BAGHDAD, Iraq -- U.S forces dropped two tons of bombs on a purported militant safe house in Fallujah, killing at least 10 people, according to officials, and turning the building into a 30-foot-deep pit of sand and rubble.
The attack was the fifth airstrike in the past two weeks in the area where the U.S. military says Jordanian militant Abu Musab Zarqawi's network has safe houses.
Iraqi Prime Minister Iyad Allawi issued an unprecedented statement saying his government provided intelligence to the U.S. military for the strike.
The interim government has been trying to figure out how to deal with the insurgents, and the airstrike came just hours after it postponed an announcement of new security laws to deal with them.
Meanwhile, Iraq's vital oil exports were cut nearly in half as workers struggled Monday to repair a key pipeline shut down after looters broke into it, officials with the South Oil Company and traders said Monday.
In Fallujah, 30 miles west of Baghdad, rescue workers picked up body parts after the U.S. airstrike, witnesses said. Video from Associated Press Television News showed the explosion flung bricks blocks away, and blood was splashed on a nearby wall.
Men gathered at the 30-foot-deep pit where the house had been and pulled out clothes, including a young child's shirt, from the rubble.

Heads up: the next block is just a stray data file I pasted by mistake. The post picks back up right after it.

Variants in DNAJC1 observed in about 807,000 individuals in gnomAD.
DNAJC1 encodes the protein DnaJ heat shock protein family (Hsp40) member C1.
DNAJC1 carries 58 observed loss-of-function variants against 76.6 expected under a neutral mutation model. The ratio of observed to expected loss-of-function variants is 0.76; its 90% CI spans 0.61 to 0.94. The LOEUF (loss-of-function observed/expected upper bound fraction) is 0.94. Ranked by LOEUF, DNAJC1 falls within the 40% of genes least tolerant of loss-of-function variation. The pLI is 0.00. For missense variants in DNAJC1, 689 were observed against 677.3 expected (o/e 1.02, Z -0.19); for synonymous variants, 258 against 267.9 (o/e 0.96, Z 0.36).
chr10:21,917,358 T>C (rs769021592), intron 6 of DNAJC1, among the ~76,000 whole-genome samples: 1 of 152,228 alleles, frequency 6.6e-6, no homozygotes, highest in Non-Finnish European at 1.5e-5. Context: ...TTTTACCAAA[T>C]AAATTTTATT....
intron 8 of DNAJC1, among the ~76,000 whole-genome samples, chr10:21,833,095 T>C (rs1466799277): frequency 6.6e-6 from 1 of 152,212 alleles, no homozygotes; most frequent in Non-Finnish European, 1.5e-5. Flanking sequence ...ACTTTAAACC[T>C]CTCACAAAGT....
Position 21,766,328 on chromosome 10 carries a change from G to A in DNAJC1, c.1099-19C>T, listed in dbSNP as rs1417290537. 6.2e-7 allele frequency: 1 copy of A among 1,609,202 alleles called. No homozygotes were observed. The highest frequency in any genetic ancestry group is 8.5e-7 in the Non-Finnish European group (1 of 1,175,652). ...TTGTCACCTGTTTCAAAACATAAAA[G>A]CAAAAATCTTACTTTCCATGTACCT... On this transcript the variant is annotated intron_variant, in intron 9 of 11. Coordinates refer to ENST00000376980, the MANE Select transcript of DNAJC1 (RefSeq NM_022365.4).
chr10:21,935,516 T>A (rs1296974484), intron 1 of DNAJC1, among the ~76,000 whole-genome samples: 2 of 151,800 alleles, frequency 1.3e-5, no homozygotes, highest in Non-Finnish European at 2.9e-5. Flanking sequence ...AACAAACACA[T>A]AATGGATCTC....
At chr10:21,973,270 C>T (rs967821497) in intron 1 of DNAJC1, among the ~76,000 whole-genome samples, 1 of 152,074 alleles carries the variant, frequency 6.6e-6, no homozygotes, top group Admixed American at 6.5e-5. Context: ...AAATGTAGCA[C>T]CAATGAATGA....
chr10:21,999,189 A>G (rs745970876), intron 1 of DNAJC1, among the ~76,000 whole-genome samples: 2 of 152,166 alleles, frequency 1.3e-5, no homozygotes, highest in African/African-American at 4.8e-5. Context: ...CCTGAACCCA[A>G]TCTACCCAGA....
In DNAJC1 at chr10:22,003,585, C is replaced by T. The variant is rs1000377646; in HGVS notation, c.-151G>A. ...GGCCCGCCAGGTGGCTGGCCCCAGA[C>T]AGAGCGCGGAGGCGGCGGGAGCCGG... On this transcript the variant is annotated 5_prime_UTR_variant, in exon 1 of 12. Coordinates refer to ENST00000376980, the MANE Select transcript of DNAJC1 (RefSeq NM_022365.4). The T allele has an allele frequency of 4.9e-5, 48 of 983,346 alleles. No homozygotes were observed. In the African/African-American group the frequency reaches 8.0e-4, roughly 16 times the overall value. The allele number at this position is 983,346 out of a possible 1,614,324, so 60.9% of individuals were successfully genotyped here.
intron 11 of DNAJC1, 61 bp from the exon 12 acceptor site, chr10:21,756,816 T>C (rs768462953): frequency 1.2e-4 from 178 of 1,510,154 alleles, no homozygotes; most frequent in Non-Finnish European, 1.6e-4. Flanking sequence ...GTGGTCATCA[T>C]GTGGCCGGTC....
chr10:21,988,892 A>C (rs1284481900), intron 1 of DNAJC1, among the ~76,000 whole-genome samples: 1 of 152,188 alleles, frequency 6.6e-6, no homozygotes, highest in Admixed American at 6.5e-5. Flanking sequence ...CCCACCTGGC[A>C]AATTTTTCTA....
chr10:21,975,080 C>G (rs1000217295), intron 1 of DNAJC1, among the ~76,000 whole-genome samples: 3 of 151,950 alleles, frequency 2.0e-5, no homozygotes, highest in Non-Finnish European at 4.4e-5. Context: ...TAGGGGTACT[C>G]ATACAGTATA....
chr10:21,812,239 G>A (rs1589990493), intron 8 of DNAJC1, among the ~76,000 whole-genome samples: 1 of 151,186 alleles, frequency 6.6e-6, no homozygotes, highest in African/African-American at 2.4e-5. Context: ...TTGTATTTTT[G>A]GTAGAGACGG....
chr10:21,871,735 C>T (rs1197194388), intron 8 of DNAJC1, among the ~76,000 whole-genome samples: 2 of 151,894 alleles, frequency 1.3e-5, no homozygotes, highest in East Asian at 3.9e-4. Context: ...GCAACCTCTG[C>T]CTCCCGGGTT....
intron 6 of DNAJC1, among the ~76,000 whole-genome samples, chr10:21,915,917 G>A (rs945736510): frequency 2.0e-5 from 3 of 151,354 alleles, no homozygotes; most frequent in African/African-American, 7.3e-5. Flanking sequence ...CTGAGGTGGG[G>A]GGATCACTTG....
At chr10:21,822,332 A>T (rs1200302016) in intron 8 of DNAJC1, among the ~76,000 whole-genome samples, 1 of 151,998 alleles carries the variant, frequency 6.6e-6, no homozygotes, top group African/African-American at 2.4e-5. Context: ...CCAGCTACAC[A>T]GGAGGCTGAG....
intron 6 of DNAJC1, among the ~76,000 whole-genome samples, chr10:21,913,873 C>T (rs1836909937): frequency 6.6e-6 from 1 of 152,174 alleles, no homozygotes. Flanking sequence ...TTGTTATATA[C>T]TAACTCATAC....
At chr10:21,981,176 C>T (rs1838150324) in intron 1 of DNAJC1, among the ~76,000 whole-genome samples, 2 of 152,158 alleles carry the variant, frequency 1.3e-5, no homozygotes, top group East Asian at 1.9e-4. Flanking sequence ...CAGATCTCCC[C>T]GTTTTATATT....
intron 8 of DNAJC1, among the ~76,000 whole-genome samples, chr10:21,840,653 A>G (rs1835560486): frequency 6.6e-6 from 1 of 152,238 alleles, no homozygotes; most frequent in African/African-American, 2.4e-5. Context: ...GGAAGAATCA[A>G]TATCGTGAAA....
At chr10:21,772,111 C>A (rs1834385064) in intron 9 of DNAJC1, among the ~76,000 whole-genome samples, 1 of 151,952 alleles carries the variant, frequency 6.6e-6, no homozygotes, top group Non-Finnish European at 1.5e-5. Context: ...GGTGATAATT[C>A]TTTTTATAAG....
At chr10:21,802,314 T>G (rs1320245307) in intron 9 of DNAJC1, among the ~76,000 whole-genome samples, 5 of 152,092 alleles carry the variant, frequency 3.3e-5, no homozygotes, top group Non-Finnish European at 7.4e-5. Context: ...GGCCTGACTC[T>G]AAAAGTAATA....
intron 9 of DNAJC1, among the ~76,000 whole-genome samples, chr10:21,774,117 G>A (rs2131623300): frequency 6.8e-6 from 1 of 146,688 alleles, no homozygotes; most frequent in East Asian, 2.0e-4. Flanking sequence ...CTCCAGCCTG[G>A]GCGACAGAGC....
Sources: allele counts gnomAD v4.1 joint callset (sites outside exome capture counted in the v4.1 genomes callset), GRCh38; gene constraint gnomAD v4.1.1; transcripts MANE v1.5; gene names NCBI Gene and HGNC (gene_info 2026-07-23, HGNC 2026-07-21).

"Is this acceptable to the Iraqi government?" asked an angry man at the scene, who declined to identify himself. "Where are human rights?"
Dr. Diaa Jumaili of Fallujah Hospital said 10 bodies had arrived there, most of them dismembered. Previous U.S. airstrikes in Fallujah have killed dozens.
The military said it had dropped four 500-pound bombs and two 1,000-pound bombs. The attack used guided weapons and underscored the resolve of coalition and Iraqi forces "to jointly destroy terrorist networks within Iraq," the military said.
Al-Zarqawi, said to be connected to al-Qaida, is believed to be behind a series of coordinated attacks on police and security forces that killed 100 people only days before U.S. forces handed over power to an Iraqi interim government.
The attacks have led to fears that religious fanatics and Saddam Hussein loyalists may be joining forces to fight both the multinational force and the new Iraqi government.
Allawi has promised tough measures against the insurgents, who have been creating chaos here since the fall of Saddam's regime 14 months ago.
The announced cooperation with the airstrike appeared to be a first step toward that.
In a statement soon after the attack, Allawi said Iraqi forces provided the intelligence for the location of the al-Zarqawi safehouse so the strike could "terminate those terrorists, whose booby-trapped cars and explosive belts have harvested the souls of innocent Iraqis without discrimination, destroying Iraqi schools, hospitals and police stations."
Earlier in the day, Iraqi officials canceled a news conference Monday where they had been expected to announce a limited amnesty for insurgents and martial law in parts of the country.